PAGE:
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When the Crowds Come

Click here to read Deuteronomy 28 on BibleGateway.com
Click here to read Isaiah 55 on BibleGateway.com

“nations you do not know will come running to you, because of the Lord your God, the Holy One of Israel, for he has endowed you with splendor.” – Isaiah 55;5

Here at EverydayDevotions, we use the McCheyne Bible Reading plan, which suggests reading four chapters a day from different sections of the Bible.  One of the advantages to reading in this manner is that sometimes the passages work together in ways you might not notice if you read straight through the Word.  It’s kind of like when you mix a bunch of sauces at the Mongolian grill – you know they’re awesome individually, but together they can create something truly epilicious.

Take today, for example.  In Isaiah 55, God is talking about bringing all the nations to Israel as a blessing to Israel.  Basically, if they are faithful to God, they will be so blessed all the nations of the world will want to come there and see what’s what.  But in Deuteronomy 28, God says again he will bring all the nations to Israel, but in this case it’s a judgment to Israel.  The nations are coming to see how low Israel has fallen, and to take all the blessings of the land for themselves. The nations will come – either to share in the blessing, or to plunder the remains.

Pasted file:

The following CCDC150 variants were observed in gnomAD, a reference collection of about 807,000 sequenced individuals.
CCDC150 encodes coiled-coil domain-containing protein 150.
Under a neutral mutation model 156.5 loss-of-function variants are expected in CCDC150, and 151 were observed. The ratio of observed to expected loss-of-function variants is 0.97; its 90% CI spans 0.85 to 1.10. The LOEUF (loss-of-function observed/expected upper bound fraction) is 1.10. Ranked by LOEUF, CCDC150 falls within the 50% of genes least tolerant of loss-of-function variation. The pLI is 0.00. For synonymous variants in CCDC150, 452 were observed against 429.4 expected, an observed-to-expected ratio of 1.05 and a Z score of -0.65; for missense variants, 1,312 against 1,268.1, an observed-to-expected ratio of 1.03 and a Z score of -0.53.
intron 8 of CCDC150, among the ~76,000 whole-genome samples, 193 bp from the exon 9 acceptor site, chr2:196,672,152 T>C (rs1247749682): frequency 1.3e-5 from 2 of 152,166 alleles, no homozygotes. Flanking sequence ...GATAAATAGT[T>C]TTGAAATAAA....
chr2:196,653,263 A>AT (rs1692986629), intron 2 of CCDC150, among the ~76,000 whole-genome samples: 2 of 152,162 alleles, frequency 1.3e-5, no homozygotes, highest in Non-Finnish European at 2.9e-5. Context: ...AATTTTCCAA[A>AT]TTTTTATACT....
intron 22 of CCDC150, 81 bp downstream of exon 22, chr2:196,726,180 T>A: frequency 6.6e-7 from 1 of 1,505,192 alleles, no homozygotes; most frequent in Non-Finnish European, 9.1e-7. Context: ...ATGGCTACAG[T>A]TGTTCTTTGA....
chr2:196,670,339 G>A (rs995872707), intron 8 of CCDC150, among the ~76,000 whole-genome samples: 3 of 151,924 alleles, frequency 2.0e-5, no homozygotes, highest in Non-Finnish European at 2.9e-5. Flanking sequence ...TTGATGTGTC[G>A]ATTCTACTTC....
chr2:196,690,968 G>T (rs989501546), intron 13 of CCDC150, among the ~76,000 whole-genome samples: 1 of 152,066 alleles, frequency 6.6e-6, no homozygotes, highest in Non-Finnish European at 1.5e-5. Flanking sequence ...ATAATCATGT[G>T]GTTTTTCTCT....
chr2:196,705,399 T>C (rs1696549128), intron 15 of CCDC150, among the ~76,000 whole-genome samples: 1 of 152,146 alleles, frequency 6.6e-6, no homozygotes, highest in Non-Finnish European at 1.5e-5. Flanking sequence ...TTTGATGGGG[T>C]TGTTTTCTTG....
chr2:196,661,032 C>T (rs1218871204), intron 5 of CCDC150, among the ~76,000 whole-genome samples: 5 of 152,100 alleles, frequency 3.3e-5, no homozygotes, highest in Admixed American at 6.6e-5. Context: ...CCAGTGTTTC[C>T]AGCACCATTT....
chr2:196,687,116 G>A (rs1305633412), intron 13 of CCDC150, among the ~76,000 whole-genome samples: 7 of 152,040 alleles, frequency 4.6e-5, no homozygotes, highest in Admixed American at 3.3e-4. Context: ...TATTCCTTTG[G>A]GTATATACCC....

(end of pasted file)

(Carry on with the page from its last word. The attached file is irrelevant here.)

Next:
The same principle is true for our churches today – people will come, one way or another.  The reason they come is what’s up for grabs.  Do people get excited to meet Christians because they want to know more of Jesus, or because they want to see them fail?  Do they come to church to have changed hearts, or because they need more material for complaining on Facebook?  Our churches can be oases of glory, or they can be mausoleums ripe for scavenging.

Of course, there’s always going to be some of each; even Jesus had his Judas.  But God describes in our readings today that he will send the nations to Israel either way – they can either be an example of God’s blessing, or a warning of God’s judgment.  For us, people can come to experience God, or they can come to mock.  They are either drawn closer to God because of what we do, or they are driven from Him.


What makes the difference?  In a word – Christ. If Jesus is lifted up, if we are dedicated to knowing Him and following His commands,  then everything else will be blessed as well.  If not, then those momentous edifices will be turned into museums or art galleries or businesses.  It sounds simple, yet it’s amazing how often we get distracted from Jesus by emphasizing outreaches, apologetics, compassion ministries, politics, and many other good-yet-not-Jesus-pursuits.

It’s so easy to get distracted with building a nice framework to do our ministry in, we forget that Jesus himself did not have a place to lay his head.  It’s not about the structure (by which I mean programs and policies as well as physical structure), but it’s about serving Christ in a personal, intimate relationship.  That’s when the nations will come for the right reasons. Our first goal must always be to know Christ, and Him crucified.  Otherwise, we become just another social club following our own wisdom, and that can never last.

They will come – why they come is up to you.

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